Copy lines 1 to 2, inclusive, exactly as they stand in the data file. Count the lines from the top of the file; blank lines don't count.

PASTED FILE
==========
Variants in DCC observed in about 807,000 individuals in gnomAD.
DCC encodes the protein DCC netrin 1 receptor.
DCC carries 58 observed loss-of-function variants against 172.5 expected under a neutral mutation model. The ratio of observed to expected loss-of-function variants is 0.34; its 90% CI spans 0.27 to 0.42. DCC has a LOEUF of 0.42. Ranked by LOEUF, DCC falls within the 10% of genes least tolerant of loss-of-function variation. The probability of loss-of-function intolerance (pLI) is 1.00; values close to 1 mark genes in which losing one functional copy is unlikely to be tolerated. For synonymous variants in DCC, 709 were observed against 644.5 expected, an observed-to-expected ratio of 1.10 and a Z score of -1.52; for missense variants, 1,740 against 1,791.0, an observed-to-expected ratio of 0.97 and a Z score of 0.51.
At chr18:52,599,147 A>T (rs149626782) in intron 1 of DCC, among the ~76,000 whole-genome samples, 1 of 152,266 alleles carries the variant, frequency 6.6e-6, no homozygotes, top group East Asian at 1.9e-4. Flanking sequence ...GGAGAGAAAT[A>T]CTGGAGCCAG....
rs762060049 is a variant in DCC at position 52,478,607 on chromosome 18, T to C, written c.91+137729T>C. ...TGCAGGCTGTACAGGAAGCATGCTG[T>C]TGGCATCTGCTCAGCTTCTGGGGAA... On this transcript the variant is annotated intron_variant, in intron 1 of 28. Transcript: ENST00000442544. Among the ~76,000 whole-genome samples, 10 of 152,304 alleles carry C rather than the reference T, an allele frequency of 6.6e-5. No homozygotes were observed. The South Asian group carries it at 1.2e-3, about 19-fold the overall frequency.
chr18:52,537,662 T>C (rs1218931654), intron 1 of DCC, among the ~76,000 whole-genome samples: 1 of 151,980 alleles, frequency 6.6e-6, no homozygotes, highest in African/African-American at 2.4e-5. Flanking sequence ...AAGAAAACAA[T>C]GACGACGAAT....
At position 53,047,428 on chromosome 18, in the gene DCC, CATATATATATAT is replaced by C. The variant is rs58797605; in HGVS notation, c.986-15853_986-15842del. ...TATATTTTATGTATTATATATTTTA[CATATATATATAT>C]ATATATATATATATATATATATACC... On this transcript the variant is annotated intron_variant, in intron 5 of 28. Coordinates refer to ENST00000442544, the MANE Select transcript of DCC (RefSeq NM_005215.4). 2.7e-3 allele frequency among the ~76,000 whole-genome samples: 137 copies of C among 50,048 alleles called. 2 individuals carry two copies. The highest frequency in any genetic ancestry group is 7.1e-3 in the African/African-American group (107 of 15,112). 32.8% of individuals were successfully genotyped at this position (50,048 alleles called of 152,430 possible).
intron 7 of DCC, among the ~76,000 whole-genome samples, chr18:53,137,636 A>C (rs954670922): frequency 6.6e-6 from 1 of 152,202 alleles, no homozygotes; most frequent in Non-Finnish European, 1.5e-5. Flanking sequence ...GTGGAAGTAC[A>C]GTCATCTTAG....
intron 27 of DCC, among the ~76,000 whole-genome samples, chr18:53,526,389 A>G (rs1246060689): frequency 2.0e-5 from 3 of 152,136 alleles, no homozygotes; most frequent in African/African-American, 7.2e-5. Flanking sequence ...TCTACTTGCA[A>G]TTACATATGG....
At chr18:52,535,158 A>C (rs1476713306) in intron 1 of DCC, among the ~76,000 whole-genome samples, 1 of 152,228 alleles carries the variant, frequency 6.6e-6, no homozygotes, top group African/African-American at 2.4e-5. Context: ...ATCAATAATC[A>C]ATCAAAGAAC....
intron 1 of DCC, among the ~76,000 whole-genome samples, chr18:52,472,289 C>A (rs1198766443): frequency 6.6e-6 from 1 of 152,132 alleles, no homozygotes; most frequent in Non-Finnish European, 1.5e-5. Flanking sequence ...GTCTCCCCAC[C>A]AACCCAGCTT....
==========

Variants in DCC observed in about 807,000 individuals in gnomAD.
DCC encodes the protein DCC netrin 1 receptor.